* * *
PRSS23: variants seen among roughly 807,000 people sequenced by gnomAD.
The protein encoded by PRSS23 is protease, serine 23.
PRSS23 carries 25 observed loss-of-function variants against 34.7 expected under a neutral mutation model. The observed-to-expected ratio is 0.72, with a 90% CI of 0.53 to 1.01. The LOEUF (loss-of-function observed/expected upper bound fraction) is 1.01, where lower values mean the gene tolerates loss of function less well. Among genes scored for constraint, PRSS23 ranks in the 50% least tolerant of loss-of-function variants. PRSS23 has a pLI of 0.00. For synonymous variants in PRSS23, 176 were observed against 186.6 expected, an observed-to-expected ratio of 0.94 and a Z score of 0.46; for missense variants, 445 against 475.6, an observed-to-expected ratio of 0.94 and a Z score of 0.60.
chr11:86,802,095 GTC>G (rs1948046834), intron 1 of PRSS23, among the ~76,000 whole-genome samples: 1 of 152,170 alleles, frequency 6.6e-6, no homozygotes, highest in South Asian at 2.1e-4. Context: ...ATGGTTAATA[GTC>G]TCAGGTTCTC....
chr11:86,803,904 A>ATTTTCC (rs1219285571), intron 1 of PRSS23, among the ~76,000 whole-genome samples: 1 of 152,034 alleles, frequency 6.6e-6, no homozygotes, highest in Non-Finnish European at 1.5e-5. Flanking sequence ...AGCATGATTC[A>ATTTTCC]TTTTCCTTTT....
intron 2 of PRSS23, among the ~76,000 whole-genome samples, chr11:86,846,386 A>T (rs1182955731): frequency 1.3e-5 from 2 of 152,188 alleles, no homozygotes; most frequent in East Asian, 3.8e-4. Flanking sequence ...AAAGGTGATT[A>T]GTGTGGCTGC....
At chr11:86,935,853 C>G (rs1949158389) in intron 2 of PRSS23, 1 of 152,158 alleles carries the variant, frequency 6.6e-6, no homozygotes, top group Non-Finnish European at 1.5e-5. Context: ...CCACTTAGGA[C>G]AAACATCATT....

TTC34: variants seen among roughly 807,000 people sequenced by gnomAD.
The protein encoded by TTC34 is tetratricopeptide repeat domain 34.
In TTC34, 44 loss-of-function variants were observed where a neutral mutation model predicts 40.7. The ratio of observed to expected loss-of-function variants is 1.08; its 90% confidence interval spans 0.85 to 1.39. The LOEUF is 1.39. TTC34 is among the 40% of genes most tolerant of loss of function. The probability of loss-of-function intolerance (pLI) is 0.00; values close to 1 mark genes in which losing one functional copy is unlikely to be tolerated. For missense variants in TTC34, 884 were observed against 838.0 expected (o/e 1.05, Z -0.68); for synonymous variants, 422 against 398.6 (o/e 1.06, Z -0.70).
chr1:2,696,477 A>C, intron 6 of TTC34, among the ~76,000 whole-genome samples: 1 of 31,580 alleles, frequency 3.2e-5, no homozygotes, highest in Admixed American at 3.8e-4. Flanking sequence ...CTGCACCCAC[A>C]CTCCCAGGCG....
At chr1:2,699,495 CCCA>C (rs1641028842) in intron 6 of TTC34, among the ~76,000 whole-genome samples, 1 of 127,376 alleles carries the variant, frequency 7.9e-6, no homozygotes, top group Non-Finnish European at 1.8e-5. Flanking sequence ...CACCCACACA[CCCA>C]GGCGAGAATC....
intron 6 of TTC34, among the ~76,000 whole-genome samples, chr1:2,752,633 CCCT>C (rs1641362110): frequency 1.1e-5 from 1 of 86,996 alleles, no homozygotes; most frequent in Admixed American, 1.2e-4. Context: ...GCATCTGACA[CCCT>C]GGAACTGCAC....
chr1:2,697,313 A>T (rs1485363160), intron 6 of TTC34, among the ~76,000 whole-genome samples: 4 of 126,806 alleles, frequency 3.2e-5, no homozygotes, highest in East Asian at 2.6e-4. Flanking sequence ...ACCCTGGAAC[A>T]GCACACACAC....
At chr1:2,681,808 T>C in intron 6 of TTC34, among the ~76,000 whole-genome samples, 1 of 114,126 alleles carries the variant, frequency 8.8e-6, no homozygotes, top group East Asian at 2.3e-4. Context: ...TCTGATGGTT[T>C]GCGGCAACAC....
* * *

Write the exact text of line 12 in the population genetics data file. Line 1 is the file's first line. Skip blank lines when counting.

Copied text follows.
At chr1:2,699,495 CCCA>C (rs1641028842) in intron 6 of TTC34, among the ~76,000 whole-genome samples, 1 of 127,376 alleles carries the variant, frequency 7.9e-6, no homozygotes, top group Non-Finnish European at 1.8e-5. Flanking sequence ...CACCCACACA[CCCA>C]GGCGAGAATC....